Pornhub owner pays US government $1.8M to resolve sex trafficking probe

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Pornhub’s parent company Aylo Holdings will pay $1.8 million to the U.S. government to resolve a charge of profiting off of sex trafficking. The company, formerly known as MindGeek, will enter a deferred prosecution agreement, which means that a monitor will be appointed to oversee Aylo and its compliance efforts for three years.

Pornhub and other adult content sites owned by Aylo have come under fire for a history of negligence in moderating third-party uploads of adult content. In the worst cases, this can mean that victims of sex trafficking are portrayed in these adult videos against their will, or even without their knowledge.

This particular probe by the Eastern District of New York’s Attorney’s Office focuses on a network called GirlsDoPorn (GDP), which has been posting videos on Pornhub and other Aylo websites since 2009. By 2019, a federal grand jury in the Southern District of California indicted GDP for sex trafficking, among other charges. But according to Aylo’s own court documents, filed this week, Aylo profited off of GDP’s content. The authorities wrote in a press release that Aylo “knew or should have known” that it was hosting videos wherein many women did not know they were being filmed, or didn’t know that these videos would be shared with the masses. The release also says that many of these women had submitted complaints to Aylo between 2016 and 2019, which states that the videos were posted without their consent. But it wasn’t until several months after GDP was found guilty of sex trafficking that the network’s videos were removed from Pornhub and other Aylo sites.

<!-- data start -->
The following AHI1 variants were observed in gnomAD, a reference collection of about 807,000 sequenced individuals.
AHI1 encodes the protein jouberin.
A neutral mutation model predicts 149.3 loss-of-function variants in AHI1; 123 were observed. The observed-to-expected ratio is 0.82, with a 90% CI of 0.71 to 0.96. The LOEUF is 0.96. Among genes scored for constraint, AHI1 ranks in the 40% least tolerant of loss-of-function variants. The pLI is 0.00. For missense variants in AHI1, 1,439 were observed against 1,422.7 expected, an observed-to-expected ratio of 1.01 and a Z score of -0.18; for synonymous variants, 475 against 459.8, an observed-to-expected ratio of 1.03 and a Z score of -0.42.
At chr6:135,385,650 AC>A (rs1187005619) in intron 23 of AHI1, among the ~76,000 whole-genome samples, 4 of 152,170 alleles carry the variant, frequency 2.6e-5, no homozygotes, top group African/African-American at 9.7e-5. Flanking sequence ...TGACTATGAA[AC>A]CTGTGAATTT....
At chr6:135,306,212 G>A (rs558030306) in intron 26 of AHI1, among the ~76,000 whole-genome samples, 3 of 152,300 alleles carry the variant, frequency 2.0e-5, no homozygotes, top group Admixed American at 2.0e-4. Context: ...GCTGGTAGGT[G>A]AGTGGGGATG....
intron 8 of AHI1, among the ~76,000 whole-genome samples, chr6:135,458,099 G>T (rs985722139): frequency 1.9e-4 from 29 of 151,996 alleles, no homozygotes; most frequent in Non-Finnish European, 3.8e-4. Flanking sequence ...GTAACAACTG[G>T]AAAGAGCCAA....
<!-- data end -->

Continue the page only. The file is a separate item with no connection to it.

“This resolution will not only provide oversight over one of the largest online content distributors in the world and ensure the company’s lawful behavior, but it will also develop industry-wide standards for safety and compliance,” said U.S. Attorney Breon Pearce in a statement.

In 2020, Pornhub introduced a number of new features, like banning video downloads and requiring users to be verified in order to post videos. The platform also hired a law firm, Kaplan Hecker & Fink LLP, to conduct an independent review of the company’s content compliance.

The newly renamed Aylo has had a tumultuous few years. The company was sold to a brand new private equity firm, the strategically named Ethical Capital Partners, and before that, MindGeek’s CEO and COO both left the company.

Earlier this week, Pornhub, Stripchat and XVideos were added to a list of platforms subject to the strictest regulation under the European Union’s Digital Services Act (DSA). Among other safety measures, the act requires platforms to comply with certain child protection provisions. Once the EU’s code of conduct for age-appropriate design is finalized, this could mean that these platforms have to enact hard age checks. That means that users would have to verify their age and identity by official means (not just checking a box that says you’re an adult).

Already in the U.S., a number of states including Louisiana, Mississippi, Virgina, and Utah have imposed requirements for adult websites to conduct age verification checks in order to grant users access.

When one of these measures first went into effect in Louisiana, Pornhub required visitors to verify their age with the LA Wallet app, a digital wallet for Louisiana state driver licenses. But once these laws expanded to other states, Pornhub chose to block access in those places entirely.

“Since [adding age verification], our traffic in Louisiana dropped approximately 80 percent,” Pornhub wrote in a statement. “Those people did not stop looking for porn. They just migrated to other corners of the internet that don’t verify age, that don’t follow the law, that don’t take user safety seriously, and that often don’t even moderate content.”

Privacy advocates have spoken out against these measures, citing the possible consequences of sharing your government ID in order to use the internet. Though these measures are intended to protect children, they have the unintended effect of compromising anonymity online. Plus, it’s not totally uncommon for hackers to breach government databases, and if these verification tools aren’t secure, this data of who’s accessing what kinds of content on the internet could easily fall into the wrong hands.

This puts lawmakers in a tricky position; it’s a challenge to push for internet regulation and safety without possibly creating a whole new slew of problems.



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